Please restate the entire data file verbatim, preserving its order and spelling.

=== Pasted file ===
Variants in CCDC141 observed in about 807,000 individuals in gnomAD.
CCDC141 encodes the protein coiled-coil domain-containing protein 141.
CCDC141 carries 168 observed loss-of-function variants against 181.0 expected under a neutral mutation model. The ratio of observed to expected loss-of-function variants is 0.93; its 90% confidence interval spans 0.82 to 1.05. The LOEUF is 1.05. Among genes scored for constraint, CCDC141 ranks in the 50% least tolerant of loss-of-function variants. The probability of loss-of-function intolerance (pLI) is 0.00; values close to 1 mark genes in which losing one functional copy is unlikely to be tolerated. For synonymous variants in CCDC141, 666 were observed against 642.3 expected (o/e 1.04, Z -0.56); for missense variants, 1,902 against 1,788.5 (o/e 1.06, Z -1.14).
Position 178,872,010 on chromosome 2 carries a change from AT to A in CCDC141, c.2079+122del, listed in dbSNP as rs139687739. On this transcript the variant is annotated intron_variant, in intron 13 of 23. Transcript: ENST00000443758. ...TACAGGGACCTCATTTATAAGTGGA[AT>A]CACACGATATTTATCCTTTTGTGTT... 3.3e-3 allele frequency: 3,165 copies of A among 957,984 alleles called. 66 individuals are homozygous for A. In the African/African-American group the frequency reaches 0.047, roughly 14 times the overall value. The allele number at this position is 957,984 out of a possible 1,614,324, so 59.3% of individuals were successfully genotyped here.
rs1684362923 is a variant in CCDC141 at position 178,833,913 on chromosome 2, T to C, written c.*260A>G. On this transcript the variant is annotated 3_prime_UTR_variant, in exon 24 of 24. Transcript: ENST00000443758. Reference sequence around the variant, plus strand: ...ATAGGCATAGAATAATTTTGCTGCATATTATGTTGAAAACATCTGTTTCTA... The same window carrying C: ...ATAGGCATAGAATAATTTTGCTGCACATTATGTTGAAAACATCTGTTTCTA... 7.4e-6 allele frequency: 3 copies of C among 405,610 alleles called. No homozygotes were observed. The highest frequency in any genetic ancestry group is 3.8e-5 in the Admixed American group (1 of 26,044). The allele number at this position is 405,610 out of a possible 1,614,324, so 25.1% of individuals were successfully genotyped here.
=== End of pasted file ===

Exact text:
Variants in CCDC141 observed in about 807,000 individuals in gnomAD.
CCDC141 encodes the protein coiled-coil domain-containing protein 141.
CCDC141 carries 168 observed loss-of-function variants against 181.0 expected under a neutral mutation model. The ratio of observed to expected loss-of-function variants is 0.93; its 90% confidence interval spans 0.82 to 1.05. The LOEUF is 1.05. Among genes scored for constraint, CCDC141 ranks in the 50% least tolerant of loss-of-function variants. The probability of loss-of-function intolerance (pLI) is 0.00; values close to 1 mark genes in which losing one functional copy is unlikely to be tolerated. For synonymous variants in CCDC141, 666 were observed against 642.3 expected (o/e 1.04, Z -0.56); for missense variants, 1,902 against 1,788.5 (o/e 1.06, Z -1.14).
Position 178,872,010 on chromosome 2 carries a change from AT to A in CCDC141, c.2079+122del, listed in dbSNP as rs139687739. On this transcript the variant is annotated intron_variant, in intron 13 of 23. Transcript: ENST00000443758. ...TACAGGGACCTCATTTATAAGTGGA[AT>A]CACACGATATTTATCCTTTTGTGTT... 3.3e-3 allele frequency: 3,165 copies of A among 957,984 alleles called. 66 individuals are homozygous for A. In the African/African-American group the frequency reaches 0.047, roughly 14 times the overall value. The allele number at this position is 957,984 out of a possible 1,614,324, so 59.3% of individuals were successfully genotyped here.
rs1684362923 is a variant in CCDC141 at position 178,833,913 on chromosome 2, T to C, written c.*260A>G. On this transcript the variant is annotated 3_prime_UTR_variant, in exon 24 of 24. Transcript: ENST00000443758. Reference sequence around the variant, plus strand: ...ATAGGCATAGAATAATTTTGCTGCATATTATGTTGAAAACATCTGTTTCTA... The same window carrying C: ...ATAGGCATAGAATAATTTTGCTGCACATTATGTTGAAAACATCTGTTTCTA... 7.4e-6 allele frequency: 3 copies of C among 405,610 alleles called. No homozygotes were observed. The highest frequency in any genetic ancestry group is 3.8e-5 in the Admixed American group (1 of 26,044). The allele number at this position is 405,610 out of a possible 1,614,324, so 25.1% of individuals were successfully genotyped here.